I’m sure all of you have had conversations with non-Montessorians where you’ve been explaining Montessori, and getting really excited, only to see a certain look on their faces. You know the look – it’s somewhere between “I’m not really interested in learning more about Montessori” and “Why would anyone feel so strongly about something like this?”
Yes, we Montessorians tend to be passionate as well as vocal. I believe the term is “true believers”; not in a religious sense, but to describe anyone who feels very strongly about something. There are true believers in all fields of study and for all points of view. In our case, it’s about a subject (the education of children) that is controversial and sensitive to begin with.
So, how do we respond to criticism? If you’re like me, you tend to get defensive. After all, we usually know more than the person we’re talking to; often, they’ve never read anything about Montessori or even visited a Montessori classroom. They may be basing their opinions on rumors, or stories told by an uncle’s friend’s sister’s brother about how awful that one Montessori school was.
In some cases, they have actually studied Montessori or had a bad experience with a Montessori school. In the latter case, their objections are often based more on feeling than fact. But I think we need to be sensitive to the fact that their feelings are real, and that their experience with Montessori may indeed be quite different than our own has been.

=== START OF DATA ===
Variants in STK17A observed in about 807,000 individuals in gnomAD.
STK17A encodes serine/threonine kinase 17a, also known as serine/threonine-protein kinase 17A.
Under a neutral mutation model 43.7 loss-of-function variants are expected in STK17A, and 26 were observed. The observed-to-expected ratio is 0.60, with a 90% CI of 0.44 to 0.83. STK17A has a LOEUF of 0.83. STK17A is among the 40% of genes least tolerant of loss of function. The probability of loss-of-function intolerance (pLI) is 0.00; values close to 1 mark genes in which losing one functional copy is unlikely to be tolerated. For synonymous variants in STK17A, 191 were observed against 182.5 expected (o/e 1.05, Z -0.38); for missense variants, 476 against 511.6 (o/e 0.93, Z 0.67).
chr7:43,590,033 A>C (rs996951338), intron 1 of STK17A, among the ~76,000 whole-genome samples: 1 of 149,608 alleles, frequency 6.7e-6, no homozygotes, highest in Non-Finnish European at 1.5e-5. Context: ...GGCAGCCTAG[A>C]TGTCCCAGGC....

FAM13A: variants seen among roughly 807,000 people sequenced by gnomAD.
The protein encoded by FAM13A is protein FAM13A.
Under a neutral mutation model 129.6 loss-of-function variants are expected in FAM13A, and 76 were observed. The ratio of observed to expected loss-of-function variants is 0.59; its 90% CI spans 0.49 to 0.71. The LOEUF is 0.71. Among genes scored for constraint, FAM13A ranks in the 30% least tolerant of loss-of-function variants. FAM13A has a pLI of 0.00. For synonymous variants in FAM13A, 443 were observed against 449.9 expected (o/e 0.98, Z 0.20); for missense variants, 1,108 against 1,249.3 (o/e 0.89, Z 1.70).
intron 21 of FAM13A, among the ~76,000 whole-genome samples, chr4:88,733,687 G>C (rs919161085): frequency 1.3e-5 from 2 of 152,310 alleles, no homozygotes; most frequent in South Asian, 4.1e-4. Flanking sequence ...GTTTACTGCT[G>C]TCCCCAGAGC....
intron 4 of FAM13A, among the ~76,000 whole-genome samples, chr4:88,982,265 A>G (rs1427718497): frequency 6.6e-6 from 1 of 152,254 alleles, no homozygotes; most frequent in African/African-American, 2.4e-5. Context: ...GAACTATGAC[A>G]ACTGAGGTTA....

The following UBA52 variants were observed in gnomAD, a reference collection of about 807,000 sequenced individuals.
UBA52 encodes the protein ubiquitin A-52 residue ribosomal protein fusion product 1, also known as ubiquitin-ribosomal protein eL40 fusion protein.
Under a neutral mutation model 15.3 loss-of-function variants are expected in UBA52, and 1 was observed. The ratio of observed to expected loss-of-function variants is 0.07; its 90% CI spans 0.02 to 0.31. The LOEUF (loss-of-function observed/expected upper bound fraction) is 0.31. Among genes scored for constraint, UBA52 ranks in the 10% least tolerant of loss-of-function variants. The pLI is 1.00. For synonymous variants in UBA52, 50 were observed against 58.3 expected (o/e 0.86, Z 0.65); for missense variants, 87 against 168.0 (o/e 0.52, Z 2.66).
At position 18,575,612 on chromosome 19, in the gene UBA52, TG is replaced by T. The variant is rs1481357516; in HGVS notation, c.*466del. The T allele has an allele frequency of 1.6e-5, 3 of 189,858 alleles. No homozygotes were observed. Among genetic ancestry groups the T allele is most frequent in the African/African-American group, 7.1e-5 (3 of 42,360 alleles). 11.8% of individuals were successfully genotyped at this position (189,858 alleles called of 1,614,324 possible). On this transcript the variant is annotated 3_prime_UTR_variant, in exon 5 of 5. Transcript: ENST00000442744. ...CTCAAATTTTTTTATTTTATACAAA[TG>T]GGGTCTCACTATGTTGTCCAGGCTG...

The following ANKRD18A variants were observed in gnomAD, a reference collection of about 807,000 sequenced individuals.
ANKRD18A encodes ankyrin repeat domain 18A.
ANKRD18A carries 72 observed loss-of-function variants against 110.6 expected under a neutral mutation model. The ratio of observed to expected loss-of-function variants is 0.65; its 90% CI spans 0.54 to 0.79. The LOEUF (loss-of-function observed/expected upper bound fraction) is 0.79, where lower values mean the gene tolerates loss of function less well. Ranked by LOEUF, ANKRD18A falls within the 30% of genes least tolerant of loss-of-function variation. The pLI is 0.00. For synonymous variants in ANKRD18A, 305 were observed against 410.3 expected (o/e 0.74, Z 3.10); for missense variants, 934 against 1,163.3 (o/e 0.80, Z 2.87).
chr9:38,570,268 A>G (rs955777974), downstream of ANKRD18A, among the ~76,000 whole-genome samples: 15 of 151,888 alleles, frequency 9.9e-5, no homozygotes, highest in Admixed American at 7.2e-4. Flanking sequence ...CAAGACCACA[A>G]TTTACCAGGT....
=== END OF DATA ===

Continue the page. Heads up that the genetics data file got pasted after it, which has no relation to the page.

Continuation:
Sometimes, other people feel defensive without us even saying anything. They may know deep in their hearts that Montessori (or homeschooling) would be more beneficial to their child, but they aren’t in a place to make it happen and so they feel guilty about it. In this case, we haven’t done anything to cause the feelings but we might contribute to them by our own attitudes.
We do come off as snobby sometimes, or give off the vibe that Montessori can’t be criticized. I’ve seen snobbery within Montessori as well; at schools, conferences, and between different branches of Montessori theory (AMI and AMS, but that’s a whole other column!)
One only needs to browse blogs for “Montessori” to find posts about it. One I read recently was by a person who had heard some negative things about Montessori, but when she tried to ask some Montessori friends about it, they dismissed her concerns. Rather than increase her faith in Montessori, it completely shut her off from even considering it as a legitimate educational method.
Personally, I’m going to try to be careful when I talk to others about Montessori. I want to make sure that I’m open to see Montessori objectively, to see its good points and its not-so-good ones. I want to see it from someone else’s perspective and remember that at one time, I had only vague (erroneous) ideas of what it was about. I want to take into account someone else’s upbringing, education, and experiences that might make Montessori look less appealing as an option.
I even want to be willing to admit (as I’ve addressed before) that Montessori may not be the best option for every child and every family. From now on, hopefully my attitude about Montessori will never be a stumbling block to others who are curious about it.